But while he was still a long way off his father saw him and was filled with compassion for him; he ran to his son, threw his arms around him and kissed him. Luke 15:20
I know the text doesn’t say it but I can only imagine the tears flowing from the father and mother in the story of the prodigal son. In fact, the King James version says “he fell on his son’s neck” in a dramatic display of joy and love. Awhile ago, my family brought me to tears of joy with a surprise visit from my daughter, whom I hadn’t seen in months. I heard the front door open and thinking it was my older daughter I made my way toward the front of the house to tell her hello. When I realized it was my younger daughter I was overcome with tears and unable to speak. I stood there sobbing in her arms.
It may seem strange to be thankful to God for tears but without them our world would be so vanilla. I’ve laughed until I have cried with friends and family. I’ve cried out to God, thankful for His grace and salvation. I’ve wept at the birth of my daughters. And yes, I’ve cried those tears of sorrow, of loss, of anger, of desperation.
Those who sow with tears will reap with songs of joy. Psalm 126:5
So often we must weep, live in hard times before we can experience the full glory and blessing of God. It’s why James tells us we should consider it joy to experience trials. Because those trials produce good fruit in us. And that fruit becomes something for us to share.
I have a friend whose 90 year old mother confesses to not remembering the last time, if ever, that she has cried. What that means is she hasn’t participated fully in the gifts of life. With each winter season in our lives we are so often rewarded with the spring, a time to bring us great joys. I want to go from this life knowing I have cried many tears from laughter, thankfulness, joyous surprise, beautiful surroundings and more. I heard a Christian teacher say, “If you want the joy of Sunday’s resurrection you must first have the tears of Friday’s crucifixion.”
I’m so very grateful to God for giving us the outward ability to show our emotions. To show those we love how much we love them, even after they are gone. I’m looking forward to the day I can cry tears of joy when I see Jesus’ face watching for me from a long way off. I know that when I get close enough, I will fall into His arms weeping, filled with joy.
Then God said, “Let us make mankind in our image, in our likeness, so that they may rule over the fish in the sea and the birds in the sky, over the livestock and all the wild animals, and over all the creatures that move along the ground.” Genesis 1:26
It’s a sad state we find ourselves in where you can get more sympathy for killing cows than human babies. According to the American Life League more than 61.8 million children have been aborted since 1973. The elevation of animals over humans sees countless protests for using animals for food as “good” yet protests in front of an abortion clinic as “bad.” Any Christian who has submitted themselves to the Word of God can easily read God’s directives in Genesis where He has given man, not only caretaking responsibility but also the use of animals and plants as sustenance.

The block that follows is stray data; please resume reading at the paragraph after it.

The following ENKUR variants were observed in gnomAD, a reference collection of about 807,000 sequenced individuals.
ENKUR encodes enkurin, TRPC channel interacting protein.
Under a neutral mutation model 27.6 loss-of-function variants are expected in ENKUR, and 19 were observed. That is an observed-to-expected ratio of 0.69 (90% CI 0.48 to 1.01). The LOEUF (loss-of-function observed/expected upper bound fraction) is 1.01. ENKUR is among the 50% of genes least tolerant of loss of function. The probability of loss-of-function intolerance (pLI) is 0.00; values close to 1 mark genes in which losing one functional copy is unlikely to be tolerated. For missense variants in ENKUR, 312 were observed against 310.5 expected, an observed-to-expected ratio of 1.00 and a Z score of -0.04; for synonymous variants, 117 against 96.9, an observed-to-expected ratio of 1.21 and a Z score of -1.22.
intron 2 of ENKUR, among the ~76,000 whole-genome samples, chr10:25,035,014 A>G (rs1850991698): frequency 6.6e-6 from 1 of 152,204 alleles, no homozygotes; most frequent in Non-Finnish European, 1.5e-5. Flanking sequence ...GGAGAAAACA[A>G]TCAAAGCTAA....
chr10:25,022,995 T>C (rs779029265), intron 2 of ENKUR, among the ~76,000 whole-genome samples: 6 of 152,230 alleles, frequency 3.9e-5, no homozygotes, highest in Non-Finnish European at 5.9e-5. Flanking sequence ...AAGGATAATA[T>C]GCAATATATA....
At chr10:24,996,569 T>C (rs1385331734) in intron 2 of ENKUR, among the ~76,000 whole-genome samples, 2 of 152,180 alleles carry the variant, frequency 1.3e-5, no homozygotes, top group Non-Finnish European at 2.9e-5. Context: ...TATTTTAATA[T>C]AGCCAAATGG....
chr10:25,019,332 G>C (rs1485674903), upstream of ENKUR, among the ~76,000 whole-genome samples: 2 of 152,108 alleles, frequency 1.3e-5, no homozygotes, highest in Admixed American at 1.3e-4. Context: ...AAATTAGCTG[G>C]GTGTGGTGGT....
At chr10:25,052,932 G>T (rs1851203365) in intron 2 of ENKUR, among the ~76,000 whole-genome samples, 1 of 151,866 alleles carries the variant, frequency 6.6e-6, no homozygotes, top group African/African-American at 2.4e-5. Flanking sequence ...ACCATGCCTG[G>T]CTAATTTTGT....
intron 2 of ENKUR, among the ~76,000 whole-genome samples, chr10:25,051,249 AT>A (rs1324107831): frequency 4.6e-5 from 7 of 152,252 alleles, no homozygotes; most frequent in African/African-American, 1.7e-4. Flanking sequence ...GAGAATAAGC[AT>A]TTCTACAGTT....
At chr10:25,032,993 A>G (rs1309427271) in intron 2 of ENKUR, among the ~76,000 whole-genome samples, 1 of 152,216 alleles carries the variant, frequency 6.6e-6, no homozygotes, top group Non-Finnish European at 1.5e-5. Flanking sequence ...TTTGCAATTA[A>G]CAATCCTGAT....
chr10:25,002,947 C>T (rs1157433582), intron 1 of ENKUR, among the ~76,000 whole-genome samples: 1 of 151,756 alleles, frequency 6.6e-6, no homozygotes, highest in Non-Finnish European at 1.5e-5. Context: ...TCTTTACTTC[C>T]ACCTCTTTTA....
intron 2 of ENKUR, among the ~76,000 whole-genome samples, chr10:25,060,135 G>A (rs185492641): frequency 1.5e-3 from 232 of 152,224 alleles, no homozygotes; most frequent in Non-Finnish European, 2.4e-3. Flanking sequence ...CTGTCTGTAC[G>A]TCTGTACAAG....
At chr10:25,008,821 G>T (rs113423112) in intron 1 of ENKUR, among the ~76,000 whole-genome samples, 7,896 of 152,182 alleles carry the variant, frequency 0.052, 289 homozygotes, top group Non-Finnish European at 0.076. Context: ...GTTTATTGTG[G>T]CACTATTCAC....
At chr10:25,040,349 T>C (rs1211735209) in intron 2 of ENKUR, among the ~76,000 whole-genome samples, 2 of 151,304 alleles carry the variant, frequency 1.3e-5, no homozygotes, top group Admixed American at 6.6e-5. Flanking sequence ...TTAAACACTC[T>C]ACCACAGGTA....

To be placed in this position by God required making humans unique. Not only did He give us the concepts of right and wrong along with various emotions but also higher brain power. While I dearly love my dog Tucker, he will only ever reach a certain level of intelligence. He’s pretty smart — kinda like a two year old child. Which makes him smart and dopey at the same time!
The heart of the discerning acquires knowledge, for the ears of the wise seek it out. Proverbs 18:15
Even someone who we might consider to be the least intelligent among us or someone with a mental disability excels in mental capacity from the beasts of the earth. As humans we can be ever thankful for God giving us brains that create and understand justice, morality, empathy, love, anger, sadness, our mortality and beauty. Our ability to not just dream of the future but to create a path to that future, be it a new building, a new method for delivering products, designing a rocket, or figuring out how to explore the depths of the sea, sets us on top of the list of the living things on this planet. God created a brain so unique in this world that it even knows how to analyze itself!
What a great gift He has given us humans! I’m so thankful for the responsibility He has given us because with it comes the tools to be great stewards of His creation.
Then the high priest stood up before them and asked Jesus, “Are you not going to answer? What is this testimony that these men are bringing against you?”
But Jesus remained silent and gave no answer.Mark 14:61
I sat in that meeting surrounded by men. I was the only woman on the coaching staff and that alone put me at a disadvantage. But I never have had an issue with being “the only one.” I frequently have found myself in the position of being the youngest, the woman, the questioning, the sober, the only one to say “no.” So that evening was no exception. What was uncomfortable was the man in front of the room threatening me. He also threatened to have the softball program thrown out of the community center if I remained a coach.